GSAs lay groundwork for sustainability plan

Mid Kaweah, Greater Kaweah and East Kaweah collaborate to begin process toward long-term ground water sustainability in Tulare County

By Paul Myers


TULARE COUNTY – Politics came to an end over the Kaweah Sub-basin last June. Cities, counties, water authorities, irrigation districts and everyone else of the like chose what groundwater sustainability agency (GSA) they were going to be a part of. Now they have to answer the question, what it will take to make the over drafted Kaweah Sub-basin sustainable?

All three GSAs in the Kaweah Sub-basin are already hard at work figuring out that answer. Together members of the Mid Kaweah GSA, Great er Kaweah GSA and East Kaweah GSA span the Kaweah Sub-basin. Since forming their individual GSAs they entered into a Memorandum of Understanding (MOU). Mark Larsen, coordinator of the Greater Kaweah says entering into the MOU allows them to concentrate their efforts and define some key details about the sub-basin.

“The three GSAs have executed a [MOU} to work together and coordinate together on critical elements that characterize the basin, establish the extent of the groundwater problems, identify the magnitude of the overdraft, and define the basis for sustainability,” Larsen said. “Pulling all those items together will be a monumental task, but the three have committed to work together through this MOU and even together hired an engineering consultant to help us.”

Michael Hagman, executive director of the East Kaweah added GEI was the firm hired to help with the tasks outlined by Larsen.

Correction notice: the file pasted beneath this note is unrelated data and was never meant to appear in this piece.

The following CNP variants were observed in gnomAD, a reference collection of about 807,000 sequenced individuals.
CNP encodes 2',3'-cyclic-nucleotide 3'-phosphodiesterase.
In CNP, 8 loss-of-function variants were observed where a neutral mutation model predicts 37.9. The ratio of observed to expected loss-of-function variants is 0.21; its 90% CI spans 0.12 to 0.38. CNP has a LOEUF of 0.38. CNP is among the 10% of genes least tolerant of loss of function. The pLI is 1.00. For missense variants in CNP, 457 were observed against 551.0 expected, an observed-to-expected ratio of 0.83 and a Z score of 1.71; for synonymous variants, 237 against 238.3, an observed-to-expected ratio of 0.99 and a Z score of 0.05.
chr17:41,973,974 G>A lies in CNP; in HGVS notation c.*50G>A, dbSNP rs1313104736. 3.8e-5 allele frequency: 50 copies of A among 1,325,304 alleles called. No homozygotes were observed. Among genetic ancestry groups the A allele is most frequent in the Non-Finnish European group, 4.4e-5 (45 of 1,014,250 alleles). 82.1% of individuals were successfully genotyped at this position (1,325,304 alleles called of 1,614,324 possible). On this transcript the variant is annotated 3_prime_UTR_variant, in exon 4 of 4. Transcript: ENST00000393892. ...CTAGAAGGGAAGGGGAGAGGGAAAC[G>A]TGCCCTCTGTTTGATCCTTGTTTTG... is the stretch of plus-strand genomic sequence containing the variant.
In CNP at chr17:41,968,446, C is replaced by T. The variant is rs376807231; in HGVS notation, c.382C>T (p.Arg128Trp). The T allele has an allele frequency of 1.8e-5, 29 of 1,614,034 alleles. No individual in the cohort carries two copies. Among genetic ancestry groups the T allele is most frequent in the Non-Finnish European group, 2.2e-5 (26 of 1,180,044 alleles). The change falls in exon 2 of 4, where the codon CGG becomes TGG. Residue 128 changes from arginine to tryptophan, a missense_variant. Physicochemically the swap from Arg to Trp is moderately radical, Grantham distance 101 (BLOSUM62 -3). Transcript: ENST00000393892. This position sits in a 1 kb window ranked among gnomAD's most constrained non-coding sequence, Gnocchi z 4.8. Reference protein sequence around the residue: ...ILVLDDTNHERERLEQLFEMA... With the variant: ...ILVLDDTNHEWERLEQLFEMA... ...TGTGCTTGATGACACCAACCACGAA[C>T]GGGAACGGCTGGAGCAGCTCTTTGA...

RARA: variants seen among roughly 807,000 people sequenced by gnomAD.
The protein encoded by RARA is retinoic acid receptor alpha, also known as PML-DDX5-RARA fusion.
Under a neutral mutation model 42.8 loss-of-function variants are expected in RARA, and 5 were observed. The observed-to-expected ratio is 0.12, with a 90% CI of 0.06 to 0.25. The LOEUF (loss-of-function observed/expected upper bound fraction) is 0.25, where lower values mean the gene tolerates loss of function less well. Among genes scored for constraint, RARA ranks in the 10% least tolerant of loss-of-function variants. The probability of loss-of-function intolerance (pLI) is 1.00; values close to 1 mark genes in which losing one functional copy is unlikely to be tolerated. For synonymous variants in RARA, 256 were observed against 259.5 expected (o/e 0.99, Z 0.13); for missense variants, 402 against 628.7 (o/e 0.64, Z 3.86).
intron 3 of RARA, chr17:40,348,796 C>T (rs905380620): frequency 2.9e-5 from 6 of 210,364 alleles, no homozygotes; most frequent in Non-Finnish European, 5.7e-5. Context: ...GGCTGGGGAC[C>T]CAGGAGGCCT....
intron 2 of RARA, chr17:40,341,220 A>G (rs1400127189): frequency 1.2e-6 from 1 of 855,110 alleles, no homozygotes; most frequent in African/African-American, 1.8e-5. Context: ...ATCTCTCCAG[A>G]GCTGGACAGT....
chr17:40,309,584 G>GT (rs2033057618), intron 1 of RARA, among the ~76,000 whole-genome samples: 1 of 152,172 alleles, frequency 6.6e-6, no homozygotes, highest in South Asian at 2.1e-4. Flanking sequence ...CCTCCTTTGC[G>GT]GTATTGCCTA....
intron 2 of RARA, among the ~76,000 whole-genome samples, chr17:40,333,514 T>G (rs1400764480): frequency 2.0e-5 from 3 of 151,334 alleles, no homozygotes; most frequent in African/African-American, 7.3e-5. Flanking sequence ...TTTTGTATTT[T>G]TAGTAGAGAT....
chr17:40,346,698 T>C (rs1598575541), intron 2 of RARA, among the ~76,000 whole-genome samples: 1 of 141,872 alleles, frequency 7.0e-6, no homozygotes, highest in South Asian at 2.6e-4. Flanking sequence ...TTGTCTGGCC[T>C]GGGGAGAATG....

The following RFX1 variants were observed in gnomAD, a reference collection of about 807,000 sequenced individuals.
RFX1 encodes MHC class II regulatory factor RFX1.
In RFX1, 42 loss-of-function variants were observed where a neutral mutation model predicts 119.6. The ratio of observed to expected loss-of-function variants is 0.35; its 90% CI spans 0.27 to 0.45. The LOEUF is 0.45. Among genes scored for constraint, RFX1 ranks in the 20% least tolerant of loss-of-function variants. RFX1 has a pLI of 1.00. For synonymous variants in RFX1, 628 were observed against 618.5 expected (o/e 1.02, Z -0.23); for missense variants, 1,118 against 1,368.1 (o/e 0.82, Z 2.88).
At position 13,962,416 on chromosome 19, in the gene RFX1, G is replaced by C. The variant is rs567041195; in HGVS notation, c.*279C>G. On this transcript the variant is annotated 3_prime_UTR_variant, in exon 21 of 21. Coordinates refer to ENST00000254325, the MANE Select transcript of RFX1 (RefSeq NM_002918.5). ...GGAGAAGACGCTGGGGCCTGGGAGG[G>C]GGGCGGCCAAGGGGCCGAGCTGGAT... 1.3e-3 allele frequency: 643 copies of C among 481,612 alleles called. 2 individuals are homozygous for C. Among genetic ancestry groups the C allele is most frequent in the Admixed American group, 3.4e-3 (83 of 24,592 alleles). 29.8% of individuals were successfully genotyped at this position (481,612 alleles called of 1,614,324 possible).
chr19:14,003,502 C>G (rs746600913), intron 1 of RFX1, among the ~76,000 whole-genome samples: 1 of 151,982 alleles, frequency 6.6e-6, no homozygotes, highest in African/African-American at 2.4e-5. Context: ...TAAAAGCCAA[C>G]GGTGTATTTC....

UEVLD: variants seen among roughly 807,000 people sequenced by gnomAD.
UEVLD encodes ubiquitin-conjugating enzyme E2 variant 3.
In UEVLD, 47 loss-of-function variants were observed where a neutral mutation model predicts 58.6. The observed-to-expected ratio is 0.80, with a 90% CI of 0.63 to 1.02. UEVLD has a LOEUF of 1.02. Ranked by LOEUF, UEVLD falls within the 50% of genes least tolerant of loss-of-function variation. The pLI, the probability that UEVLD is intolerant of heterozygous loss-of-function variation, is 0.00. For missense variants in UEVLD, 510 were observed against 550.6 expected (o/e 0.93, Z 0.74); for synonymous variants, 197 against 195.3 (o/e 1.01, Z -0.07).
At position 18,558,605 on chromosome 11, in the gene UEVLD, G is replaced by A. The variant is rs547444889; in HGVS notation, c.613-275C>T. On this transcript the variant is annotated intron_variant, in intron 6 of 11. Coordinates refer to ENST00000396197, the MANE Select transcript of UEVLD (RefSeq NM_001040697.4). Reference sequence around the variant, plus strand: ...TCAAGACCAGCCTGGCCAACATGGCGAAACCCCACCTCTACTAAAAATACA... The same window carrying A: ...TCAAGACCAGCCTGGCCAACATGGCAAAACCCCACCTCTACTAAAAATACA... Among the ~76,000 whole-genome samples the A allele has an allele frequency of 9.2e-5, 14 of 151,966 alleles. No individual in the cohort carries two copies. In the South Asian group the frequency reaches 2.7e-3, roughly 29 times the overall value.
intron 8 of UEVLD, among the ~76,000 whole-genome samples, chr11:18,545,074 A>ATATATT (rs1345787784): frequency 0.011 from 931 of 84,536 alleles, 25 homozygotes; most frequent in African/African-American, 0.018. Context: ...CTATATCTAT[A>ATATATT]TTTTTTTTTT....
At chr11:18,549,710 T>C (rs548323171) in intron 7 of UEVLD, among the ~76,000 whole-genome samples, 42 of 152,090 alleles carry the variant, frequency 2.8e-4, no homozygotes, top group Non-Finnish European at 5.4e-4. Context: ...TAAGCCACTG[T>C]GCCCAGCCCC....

To help in funding all three GSAs have put in an application for $1.5 million for the Department of Water Resources Prop. 1 grant dollars. The money will also help each GSA create their own Groundwater Sustainability Plan (GSP). Larsen said the Greater Kaweah has hired an engineering consultant to begin the process in drafting their GSP. Hagman says the East Kaweah hired Provost and Pritchard to assist in the development of the EKGSA Plan.

Nothing definitive over sustainability has come to light yet, but Hagman says members of the East Kaweah are preparing for some changes regardless. Because the Kaweah Sub-basin is over drafted, members understand current groundwater pumping is not sustainable as is and will have to change as a part of any plan in the future.

“All members are fully aware there will have to be additional surface supply or reduction in [ground water] demand or some combination of both. To accomplish increases of supply more surface water will have to be imported to the sub-basin likely by the Friant Contractors, while potential demand reductions include fallowing, conversion to lower water crops, better use of water supply with irrigation technology, and other such ideas,” Hagman said.

GSAs have until June 2020 to have their GSPs in the place and work together toward sustainability. They hope to continue to gather information to better form their plans. Hagman says November will be the “big reveal” for the State and stakeholders. Emphasizing his point he said everyone knows they are over drafting collectively, they just don’t know by how much and in November they will have that information.

“From that understanding we can develop answers to the questions of projects and programs needed to accomplish sustainability, the time it will take (mathematically calculated), and how we will cut or manage supply impacts,” Hagman said.

Larsen made similar points and added a few. He said identifying areas of concern and understanding the thresholds needed to establish for basin sustainability were key. He added goals ahead are defining activities to reach sustainability while working landowners to develop a reasonable GSP while also hiring a manager to lead the Greater Kaweah long-term.

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